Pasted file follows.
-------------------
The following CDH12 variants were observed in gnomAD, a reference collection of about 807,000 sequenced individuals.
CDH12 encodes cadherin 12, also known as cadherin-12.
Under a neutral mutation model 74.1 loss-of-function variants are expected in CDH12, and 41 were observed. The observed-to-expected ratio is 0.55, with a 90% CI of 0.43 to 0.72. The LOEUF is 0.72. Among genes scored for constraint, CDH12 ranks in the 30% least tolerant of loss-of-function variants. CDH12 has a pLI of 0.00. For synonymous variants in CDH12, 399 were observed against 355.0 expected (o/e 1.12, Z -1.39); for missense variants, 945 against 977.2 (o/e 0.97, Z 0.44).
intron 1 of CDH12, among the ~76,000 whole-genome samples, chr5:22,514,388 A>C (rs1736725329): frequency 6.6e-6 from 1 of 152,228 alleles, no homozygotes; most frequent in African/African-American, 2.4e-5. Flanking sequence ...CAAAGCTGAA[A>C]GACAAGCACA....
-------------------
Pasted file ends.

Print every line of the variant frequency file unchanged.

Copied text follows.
The following CDH12 variants were observed in gnomAD, a reference collection of about 807,000 sequenced individuals.
CDH12 encodes cadherin 12, also known as cadherin-12.
Under a neutral mutation model 74.1 loss-of-function variants are expected in CDH12, and 41 were observed. The observed-to-expected ratio is 0.55, with a 90% CI of 0.43 to 0.72. The LOEUF is 0.72. Among genes scored for constraint, CDH12 ranks in the 30% least tolerant of loss-of-function variants. CDH12 has a pLI of 0.00. For synonymous variants in CDH12, 399 were observed against 355.0 expected (o/e 1.12, Z -1.39); for missense variants, 945 against 977.2 (o/e 0.97, Z 0.44).
intron 1 of CDH12, among the ~76,000 whole-genome samples, chr5:22,514,388 A>C (rs1736725329): frequency 6.6e-6 from 1 of 152,228 alleles, no homozygotes; most frequent in African/African-American, 2.4e-5. Flanking sequence ...CAAAGCTGAA[A>C]GACAAGCACA....